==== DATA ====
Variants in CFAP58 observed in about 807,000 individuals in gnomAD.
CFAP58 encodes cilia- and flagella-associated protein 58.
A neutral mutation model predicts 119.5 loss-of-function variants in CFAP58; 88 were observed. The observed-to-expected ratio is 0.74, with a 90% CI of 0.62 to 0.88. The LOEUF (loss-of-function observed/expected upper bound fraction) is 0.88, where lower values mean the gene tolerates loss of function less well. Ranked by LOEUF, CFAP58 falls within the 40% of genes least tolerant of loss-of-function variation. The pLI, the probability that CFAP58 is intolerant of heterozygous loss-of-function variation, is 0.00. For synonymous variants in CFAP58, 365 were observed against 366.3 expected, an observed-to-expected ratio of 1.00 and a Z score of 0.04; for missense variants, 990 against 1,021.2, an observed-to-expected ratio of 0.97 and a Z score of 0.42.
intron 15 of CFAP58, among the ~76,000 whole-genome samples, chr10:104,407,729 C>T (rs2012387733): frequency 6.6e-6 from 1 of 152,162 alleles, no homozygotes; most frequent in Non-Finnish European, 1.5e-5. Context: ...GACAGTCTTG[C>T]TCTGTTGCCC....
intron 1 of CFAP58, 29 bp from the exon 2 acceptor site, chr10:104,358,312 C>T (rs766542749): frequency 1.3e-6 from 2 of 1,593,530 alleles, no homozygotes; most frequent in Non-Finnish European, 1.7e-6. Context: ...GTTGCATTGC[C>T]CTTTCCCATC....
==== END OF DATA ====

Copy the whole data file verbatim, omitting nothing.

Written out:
Variants in CFAP58 observed in about 807,000 individuals in gnomAD.
CFAP58 encodes cilia- and flagella-associated protein 58.
A neutral mutation model predicts 119.5 loss-of-function variants in CFAP58; 88 were observed. The observed-to-expected ratio is 0.74, with a 90% CI of 0.62 to 0.88. The LOEUF (loss-of-function observed/expected upper bound fraction) is 0.88, where lower values mean the gene tolerates loss of function less well. Ranked by LOEUF, CFAP58 falls within the 40% of genes least tolerant of loss-of-function variation. The pLI, the probability that CFAP58 is intolerant of heterozygous loss-of-function variation, is 0.00. For synonymous variants in CFAP58, 365 were observed against 366.3 expected, an observed-to-expected ratio of 1.00 and a Z score of 0.04; for missense variants, 990 against 1,021.2, an observed-to-expected ratio of 0.97 and a Z score of 0.42.
intron 15 of CFAP58, among the ~76,000 whole-genome samples, chr10:104,407,729 C>T (rs2012387733): frequency 6.6e-6 from 1 of 152,162 alleles, no homozygotes; most frequent in Non-Finnish European, 1.5e-5. Context: ...GACAGTCTTG[C>T]TCTGTTGCCC....
intron 1 of CFAP58, 29 bp from the exon 2 acceptor site, chr10:104,358,312 C>T (rs766542749): frequency 1.3e-6 from 2 of 1,593,530 alleles, no homozygotes; most frequent in Non-Finnish European, 1.7e-6. Context: ...GTTGCATTGC[C>T]CTTTCCCATC....